Amy Bellmore

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Educational Psychology
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1025 W. Johnson Street
MadisonWI  53706-1796

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Fax: 608/262-0843

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Amy Bellmore

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Amy Bellmore

Educational Psychology (EdPsych)

852C Educational Sciences  binoculars icon
1025 West Johnson Street
Madison, WI 53706-1706
Office: 608/263-3883
Fax: 608/262-0843
WEBSITE: PRESM Lab: Peer Relationships, Ethnicity, Schools, and Media Lab

Personal Biography

Amy Bellmore is a Professor of Human Development in the Department of Educational Psychology. She received her Ph.D. in Developmental Psychology from the University of Connecticut. Following her graduate studies, she completed Postdoctoral Training in the Department of Education at UCLA funded by the NIMH, the American Psychological Association, and the Institute of Education Sciences. She teaches courses on adolescent development and developmental research methods.


BA, Psychology
University of California, San Diego
La Jolla, CA

MA, Developmental Psychology
University of Connecticut
Storrs, CT

Ph D, Developmental Psychology
University of Connecticut
Storrs, CT



Research Interests

My primary research focus is school-based peer relationships during adolescence. My specific research program centers on the impact of social risk factors, such as peer rejection and peer-victimization, on psychosocial and academic adjustment. My theoretical approach to this topic is informed by person-in-context social developmental models which emphasize the connection between developing adolescents and their social contexts. A key component of this theoretical perspective is the recognition that the social context contains several influential levels. I have attended to different features of school and classroom contexts, and I have attended to more proximal levels of the social context such as students’ friendship groups and episode characteristics (i.e., features of specific real-life interactions). The practical significance of attending to multiple levels is that it offers numerous points of possible intervention to improve the lives of adolescents. Understanding where and how to intervene is one of the ultimate goals of my research.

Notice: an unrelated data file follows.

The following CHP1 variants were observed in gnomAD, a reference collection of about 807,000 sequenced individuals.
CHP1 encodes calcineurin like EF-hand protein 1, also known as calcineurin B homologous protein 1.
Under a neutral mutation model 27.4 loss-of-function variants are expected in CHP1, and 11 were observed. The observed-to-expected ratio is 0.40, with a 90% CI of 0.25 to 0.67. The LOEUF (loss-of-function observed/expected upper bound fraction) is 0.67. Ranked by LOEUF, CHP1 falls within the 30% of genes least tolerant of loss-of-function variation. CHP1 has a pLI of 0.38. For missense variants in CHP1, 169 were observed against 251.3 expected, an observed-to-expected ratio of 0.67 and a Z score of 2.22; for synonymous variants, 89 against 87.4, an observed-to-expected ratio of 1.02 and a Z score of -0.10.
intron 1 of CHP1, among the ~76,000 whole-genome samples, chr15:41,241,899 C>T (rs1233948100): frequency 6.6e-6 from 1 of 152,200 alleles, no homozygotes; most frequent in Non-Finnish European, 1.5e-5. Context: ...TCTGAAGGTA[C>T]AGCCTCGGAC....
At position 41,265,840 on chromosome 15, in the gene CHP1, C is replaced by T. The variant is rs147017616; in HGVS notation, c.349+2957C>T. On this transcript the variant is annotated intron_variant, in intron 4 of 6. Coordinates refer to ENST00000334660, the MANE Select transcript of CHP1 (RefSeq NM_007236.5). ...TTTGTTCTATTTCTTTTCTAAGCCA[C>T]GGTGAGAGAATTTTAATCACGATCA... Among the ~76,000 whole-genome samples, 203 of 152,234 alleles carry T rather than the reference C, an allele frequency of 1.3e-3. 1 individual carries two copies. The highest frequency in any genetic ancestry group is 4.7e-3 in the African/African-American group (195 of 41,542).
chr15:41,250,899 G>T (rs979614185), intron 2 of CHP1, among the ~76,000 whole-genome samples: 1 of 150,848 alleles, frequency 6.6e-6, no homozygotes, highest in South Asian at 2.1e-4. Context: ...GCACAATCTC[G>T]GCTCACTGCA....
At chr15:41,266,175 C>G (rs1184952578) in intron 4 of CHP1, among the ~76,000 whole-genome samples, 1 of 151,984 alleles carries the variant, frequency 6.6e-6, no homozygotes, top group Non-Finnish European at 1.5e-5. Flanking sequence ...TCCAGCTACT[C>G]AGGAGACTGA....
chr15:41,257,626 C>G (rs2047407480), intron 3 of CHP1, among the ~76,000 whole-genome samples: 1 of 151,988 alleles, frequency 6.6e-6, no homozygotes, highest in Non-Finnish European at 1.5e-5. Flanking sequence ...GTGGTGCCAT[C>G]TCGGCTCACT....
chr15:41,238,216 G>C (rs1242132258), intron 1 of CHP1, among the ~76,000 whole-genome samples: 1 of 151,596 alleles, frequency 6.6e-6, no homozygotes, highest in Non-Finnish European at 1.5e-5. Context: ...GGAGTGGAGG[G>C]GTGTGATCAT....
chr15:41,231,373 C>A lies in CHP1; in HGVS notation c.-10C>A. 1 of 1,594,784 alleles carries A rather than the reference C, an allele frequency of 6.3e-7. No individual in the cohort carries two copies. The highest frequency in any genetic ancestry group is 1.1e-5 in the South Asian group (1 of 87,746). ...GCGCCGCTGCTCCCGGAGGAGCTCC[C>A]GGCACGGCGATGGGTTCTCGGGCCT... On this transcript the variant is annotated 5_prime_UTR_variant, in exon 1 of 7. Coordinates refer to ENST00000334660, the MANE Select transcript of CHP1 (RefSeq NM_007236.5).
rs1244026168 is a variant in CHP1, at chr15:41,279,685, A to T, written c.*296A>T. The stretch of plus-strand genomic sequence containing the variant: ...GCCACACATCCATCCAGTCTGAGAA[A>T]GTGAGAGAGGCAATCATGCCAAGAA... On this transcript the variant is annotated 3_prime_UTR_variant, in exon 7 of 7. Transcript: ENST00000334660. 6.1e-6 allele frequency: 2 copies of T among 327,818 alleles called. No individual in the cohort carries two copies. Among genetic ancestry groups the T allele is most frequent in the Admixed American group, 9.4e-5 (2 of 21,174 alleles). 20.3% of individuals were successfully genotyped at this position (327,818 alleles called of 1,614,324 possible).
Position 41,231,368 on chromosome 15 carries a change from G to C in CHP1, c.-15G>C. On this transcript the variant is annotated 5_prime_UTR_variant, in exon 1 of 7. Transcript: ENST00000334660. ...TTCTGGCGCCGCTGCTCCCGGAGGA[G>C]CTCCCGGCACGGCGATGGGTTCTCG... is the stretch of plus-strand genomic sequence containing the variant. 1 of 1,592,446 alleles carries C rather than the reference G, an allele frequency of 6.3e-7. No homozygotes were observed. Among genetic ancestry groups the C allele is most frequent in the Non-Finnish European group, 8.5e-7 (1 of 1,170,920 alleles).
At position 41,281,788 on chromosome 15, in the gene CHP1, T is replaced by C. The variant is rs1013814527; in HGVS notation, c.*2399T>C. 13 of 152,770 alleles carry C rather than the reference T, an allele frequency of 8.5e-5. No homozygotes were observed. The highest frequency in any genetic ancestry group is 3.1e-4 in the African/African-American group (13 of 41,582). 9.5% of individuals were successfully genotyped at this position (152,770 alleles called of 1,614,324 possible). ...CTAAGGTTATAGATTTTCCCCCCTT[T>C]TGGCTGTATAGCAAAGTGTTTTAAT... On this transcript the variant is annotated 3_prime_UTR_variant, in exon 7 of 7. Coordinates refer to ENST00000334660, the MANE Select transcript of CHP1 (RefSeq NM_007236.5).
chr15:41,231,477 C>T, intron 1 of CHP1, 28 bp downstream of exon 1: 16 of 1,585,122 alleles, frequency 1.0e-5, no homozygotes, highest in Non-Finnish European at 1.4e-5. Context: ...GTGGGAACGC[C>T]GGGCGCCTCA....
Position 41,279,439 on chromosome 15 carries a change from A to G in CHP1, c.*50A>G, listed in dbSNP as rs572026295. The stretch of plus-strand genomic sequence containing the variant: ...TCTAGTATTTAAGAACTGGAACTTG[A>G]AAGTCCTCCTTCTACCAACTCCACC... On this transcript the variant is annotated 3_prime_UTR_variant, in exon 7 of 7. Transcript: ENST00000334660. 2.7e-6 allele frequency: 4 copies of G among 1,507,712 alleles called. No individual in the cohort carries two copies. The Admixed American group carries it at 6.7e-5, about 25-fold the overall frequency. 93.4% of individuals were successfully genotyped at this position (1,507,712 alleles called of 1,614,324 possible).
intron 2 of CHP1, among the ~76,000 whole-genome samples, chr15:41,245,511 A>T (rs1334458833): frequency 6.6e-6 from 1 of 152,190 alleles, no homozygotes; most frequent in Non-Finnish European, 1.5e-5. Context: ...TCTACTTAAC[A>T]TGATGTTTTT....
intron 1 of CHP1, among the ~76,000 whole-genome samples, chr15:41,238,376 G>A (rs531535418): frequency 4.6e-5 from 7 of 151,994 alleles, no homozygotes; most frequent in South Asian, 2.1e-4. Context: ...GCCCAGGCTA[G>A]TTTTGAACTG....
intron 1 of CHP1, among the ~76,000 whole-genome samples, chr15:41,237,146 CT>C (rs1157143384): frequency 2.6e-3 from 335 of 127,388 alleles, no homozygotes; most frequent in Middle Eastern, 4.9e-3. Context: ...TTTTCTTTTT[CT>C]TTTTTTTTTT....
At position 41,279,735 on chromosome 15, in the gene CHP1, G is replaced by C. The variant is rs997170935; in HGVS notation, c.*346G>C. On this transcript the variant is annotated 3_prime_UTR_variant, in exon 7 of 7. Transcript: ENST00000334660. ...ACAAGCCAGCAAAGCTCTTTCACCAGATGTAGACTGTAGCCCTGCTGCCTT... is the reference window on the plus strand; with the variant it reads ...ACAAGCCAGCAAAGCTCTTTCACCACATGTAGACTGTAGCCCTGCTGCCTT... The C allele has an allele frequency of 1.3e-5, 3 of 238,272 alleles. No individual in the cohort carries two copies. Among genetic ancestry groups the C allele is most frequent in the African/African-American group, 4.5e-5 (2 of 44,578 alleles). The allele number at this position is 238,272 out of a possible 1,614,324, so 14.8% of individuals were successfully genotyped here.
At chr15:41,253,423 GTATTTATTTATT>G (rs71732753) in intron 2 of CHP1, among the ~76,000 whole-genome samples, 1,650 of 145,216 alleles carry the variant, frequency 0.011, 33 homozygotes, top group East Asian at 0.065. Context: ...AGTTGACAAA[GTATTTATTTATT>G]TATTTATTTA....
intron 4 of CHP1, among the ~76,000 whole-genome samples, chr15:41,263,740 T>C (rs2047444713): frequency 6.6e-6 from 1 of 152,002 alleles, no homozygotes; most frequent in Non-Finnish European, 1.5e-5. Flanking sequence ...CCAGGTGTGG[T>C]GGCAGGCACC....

• Ma, T., & Bellmore, A.D. (in press). Connection or independence: Cross-cultural comparisons of adolescents’ coping with peer victimization using mixed-methods. Journal of Cross-Cultural Psychology.
  • Bower, A.R., Nishina, A., Witkow, M.R., & Bellmore, A.D. (in press). Nice guys and gals finish last? Not in early adolescence when empathetic, accepted, and popular peers are desirable. Journal of Youth and Adolescence.
  • Bellmore, A.D., Calvin, A.J., Xu, J., & Zhu, X. (2015). The 5 W’s of “Bullying” on Twitter: Who, What, Why, Where, When. Computers in Human Behavior. 44, 305-314.
  • Bauman, S., & Bellmore, A.D. (2015). New directions in cyberbullying research. Journal of School Violence. 14, 1-10.
  • Calvin, A.J., Bellmore, A.D., Xu, J., & Zhu, X. (2015). #bully: Uses of hashtags in posts about bullying on Twitter. Journal of School Violence. 14, 133-153.
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